A dozen phone numbers starting with +44 were visible to surveillance equipment before the missile strike
Source: The Telegraph
British volunteer fighters are feared to have triggered a deadly airstrike on a Ukrainian military base after their phones were detected in the area, the Telegraph can reveal.
At least 35 people were killed, potentially including three British ex-special forces troops, when 30 Russian cruise missiles pulverised the Yavoriv facility, near the Polish border, on March 13.
The target on the base is believed to have been the International Centre for Peacekeeping and Security, where Ukraine has been training foreign civilian recruits for its international brigade.
Now, the Telegraph has learned that around 12 to 14 phone numbers starting with +44 were visible to surveillance equipment in the area in the hours before the missile strike.
Security sources said mercenaries paid by the Wagner Group, a secretive military company with links to the Kremlin, were suspected of operating on the ground at the time.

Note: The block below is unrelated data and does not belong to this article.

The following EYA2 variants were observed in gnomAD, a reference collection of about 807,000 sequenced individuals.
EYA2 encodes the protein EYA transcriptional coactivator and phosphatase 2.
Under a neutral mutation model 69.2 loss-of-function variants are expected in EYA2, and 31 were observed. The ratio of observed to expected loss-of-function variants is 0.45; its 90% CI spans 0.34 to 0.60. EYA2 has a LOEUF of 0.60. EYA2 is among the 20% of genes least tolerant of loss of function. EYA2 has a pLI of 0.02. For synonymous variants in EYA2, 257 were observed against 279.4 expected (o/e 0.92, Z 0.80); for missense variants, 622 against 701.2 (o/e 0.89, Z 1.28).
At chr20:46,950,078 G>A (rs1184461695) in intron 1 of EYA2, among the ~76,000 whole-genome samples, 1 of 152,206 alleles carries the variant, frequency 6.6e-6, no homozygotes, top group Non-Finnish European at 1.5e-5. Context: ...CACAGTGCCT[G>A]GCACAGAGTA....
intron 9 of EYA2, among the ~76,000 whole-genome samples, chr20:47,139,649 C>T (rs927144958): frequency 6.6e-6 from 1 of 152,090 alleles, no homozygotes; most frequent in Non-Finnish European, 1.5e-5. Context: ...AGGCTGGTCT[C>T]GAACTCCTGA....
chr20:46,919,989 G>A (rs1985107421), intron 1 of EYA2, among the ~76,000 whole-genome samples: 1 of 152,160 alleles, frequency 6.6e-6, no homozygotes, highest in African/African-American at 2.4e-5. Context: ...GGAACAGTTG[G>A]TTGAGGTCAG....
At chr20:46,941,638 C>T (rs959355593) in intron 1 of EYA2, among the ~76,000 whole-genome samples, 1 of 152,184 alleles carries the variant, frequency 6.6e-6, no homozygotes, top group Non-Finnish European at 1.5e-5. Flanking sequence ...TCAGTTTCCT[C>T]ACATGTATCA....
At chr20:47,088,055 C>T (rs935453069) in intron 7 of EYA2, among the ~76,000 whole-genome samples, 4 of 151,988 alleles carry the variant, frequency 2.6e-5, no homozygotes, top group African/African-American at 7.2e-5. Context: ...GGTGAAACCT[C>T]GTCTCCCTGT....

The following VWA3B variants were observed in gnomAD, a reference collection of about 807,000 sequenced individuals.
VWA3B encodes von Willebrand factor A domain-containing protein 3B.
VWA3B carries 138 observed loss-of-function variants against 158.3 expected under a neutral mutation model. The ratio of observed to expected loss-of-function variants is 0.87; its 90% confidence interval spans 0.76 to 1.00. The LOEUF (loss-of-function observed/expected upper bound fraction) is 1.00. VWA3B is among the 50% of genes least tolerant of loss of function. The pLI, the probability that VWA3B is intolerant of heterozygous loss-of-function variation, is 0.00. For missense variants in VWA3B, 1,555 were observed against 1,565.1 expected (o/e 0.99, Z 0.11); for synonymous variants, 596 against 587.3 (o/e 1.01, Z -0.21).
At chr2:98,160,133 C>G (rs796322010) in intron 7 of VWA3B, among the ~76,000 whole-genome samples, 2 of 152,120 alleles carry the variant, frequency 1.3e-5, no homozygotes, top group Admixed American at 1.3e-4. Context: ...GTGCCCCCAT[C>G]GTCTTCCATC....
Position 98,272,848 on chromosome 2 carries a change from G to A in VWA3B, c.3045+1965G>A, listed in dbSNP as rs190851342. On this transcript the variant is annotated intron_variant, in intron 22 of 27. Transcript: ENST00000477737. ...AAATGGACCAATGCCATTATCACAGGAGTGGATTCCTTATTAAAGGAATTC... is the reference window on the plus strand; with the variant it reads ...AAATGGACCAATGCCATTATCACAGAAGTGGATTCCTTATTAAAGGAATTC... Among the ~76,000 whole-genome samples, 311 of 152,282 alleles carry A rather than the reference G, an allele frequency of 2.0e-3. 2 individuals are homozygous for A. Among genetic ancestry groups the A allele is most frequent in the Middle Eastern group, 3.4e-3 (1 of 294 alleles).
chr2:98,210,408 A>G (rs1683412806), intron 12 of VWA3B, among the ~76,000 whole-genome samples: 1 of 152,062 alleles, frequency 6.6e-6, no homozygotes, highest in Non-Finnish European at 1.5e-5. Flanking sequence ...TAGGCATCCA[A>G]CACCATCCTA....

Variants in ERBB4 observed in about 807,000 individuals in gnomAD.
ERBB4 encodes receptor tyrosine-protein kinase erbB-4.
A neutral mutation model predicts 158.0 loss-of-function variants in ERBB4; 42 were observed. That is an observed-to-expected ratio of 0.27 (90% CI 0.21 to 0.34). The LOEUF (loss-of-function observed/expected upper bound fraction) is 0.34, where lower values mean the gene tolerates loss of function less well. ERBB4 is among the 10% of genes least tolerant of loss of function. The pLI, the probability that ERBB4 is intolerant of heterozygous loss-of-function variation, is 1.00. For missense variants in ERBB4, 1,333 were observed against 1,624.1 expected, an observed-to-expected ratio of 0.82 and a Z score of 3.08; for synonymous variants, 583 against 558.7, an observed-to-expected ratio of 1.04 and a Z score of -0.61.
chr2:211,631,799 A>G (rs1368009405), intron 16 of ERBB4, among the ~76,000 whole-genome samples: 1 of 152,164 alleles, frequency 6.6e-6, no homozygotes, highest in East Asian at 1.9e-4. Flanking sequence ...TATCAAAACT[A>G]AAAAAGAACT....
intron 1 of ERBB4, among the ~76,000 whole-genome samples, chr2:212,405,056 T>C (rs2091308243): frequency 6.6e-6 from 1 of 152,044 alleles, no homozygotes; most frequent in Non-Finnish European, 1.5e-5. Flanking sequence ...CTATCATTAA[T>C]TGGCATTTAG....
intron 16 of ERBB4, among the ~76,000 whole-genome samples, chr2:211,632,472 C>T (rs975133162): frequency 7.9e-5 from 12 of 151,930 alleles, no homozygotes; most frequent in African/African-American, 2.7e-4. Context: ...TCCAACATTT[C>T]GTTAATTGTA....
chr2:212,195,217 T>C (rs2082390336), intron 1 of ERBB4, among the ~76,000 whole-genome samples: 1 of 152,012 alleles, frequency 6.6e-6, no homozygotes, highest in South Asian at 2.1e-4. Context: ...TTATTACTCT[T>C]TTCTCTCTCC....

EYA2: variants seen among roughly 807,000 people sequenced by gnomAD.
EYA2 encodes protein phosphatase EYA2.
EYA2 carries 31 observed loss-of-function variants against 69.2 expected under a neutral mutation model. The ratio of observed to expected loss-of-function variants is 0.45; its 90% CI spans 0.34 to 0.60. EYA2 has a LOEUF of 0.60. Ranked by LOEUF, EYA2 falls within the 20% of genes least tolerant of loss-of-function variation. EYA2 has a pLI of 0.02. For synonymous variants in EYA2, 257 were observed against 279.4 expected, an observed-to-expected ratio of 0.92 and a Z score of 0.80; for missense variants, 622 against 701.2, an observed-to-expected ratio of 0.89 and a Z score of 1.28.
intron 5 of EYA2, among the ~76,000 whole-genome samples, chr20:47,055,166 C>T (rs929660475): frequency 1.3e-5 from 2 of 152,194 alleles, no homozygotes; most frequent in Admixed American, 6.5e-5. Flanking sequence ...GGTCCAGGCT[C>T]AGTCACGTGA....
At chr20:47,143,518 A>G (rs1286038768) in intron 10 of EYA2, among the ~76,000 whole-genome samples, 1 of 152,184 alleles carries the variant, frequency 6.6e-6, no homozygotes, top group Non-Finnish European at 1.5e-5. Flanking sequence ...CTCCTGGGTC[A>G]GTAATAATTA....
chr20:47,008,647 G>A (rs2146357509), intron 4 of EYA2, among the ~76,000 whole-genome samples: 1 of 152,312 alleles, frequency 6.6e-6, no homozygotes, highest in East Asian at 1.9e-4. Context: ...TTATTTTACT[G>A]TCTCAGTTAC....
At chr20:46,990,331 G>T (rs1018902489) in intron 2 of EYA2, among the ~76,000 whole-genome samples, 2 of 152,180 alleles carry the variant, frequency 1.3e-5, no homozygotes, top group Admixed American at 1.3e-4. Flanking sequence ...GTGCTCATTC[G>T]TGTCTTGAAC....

It has raised fears that the hired guns were able to use their own scanning equipment to intercept the numbers and pass them to Russian intelligence, which linked the details to former British military personnel and immediately ordered an attack.
Mobile phone numbers can become visible to snooping technology when the device pings a nearby phone mast to connect to the network so a user can make calls or send texts.
Russia is thought to have access to a vast trove of phone numbers linked to elite British units, compiled through secretive surveillance operations near military bases in the UK.
Many of the British men who have volunteered to join the resistance against Vladimir Putin’s invasion formerly served with these units, meaning their numbers would immediately set off alarm bells in the Kremlin if spotted connecting to a Ukrainian phone network.
A source said: “As soon as Moscow got any whiff of possible British presence on the base, they would have immediately ordered a strike.”
The attack on the base, one of Putin’s furthest forays west in the three-week-old war, lays bare the risks facing British recruits if they travel into the war zone, particularly if they fail to exercise caution with their electronic devices.